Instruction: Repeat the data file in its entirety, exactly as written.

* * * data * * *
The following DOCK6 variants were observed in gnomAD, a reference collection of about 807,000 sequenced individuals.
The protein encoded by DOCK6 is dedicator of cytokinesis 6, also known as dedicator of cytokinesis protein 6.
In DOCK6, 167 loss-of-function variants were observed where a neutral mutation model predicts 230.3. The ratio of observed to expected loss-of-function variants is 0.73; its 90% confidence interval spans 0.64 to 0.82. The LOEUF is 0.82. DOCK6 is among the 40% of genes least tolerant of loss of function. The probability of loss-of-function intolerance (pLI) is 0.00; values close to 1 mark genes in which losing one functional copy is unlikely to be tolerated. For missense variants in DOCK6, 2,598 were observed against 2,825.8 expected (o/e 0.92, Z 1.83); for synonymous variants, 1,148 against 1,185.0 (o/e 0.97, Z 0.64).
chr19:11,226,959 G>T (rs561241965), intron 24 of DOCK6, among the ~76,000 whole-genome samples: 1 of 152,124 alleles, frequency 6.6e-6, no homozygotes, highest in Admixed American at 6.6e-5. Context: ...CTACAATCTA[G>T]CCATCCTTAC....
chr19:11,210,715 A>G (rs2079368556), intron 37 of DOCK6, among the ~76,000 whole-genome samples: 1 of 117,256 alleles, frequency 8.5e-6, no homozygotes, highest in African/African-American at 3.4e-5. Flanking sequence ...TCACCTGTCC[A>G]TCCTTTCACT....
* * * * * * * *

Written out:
The following DOCK6 variants were observed in gnomAD, a reference collection of about 807,000 sequenced individuals.
The protein encoded by DOCK6 is dedicator of cytokinesis 6, also known as dedicator of cytokinesis protein 6.
In DOCK6, 167 loss-of-function variants were observed where a neutral mutation model predicts 230.3. The ratio of observed to expected loss-of-function variants is 0.73; its 90% confidence interval spans 0.64 to 0.82. The LOEUF is 0.82. DOCK6 is among the 40% of genes least tolerant of loss of function. The probability of loss-of-function intolerance (pLI) is 0.00; values close to 1 mark genes in which losing one functional copy is unlikely to be tolerated. For missense variants in DOCK6, 2,598 were observed against 2,825.8 expected (o/e 0.92, Z 1.83); for synonymous variants, 1,148 against 1,185.0 (o/e 0.97, Z 0.64).
chr19:11,226,959 G>T (rs561241965), intron 24 of DOCK6, among the ~76,000 whole-genome samples: 1 of 152,124 alleles, frequency 6.6e-6, no homozygotes, highest in Admixed American at 6.6e-5. Context: ...CTACAATCTA[G>T]CCATCCTTAC....
chr19:11,210,715 A>G (rs2079368556), intron 37 of DOCK6, among the ~76,000 whole-genome samples: 1 of 117,256 alleles, frequency 8.5e-6, no homozygotes, highest in African/African-American at 3.4e-5. Flanking sequence ...TCACCTGTCC[A>G]TCCTTTCACT....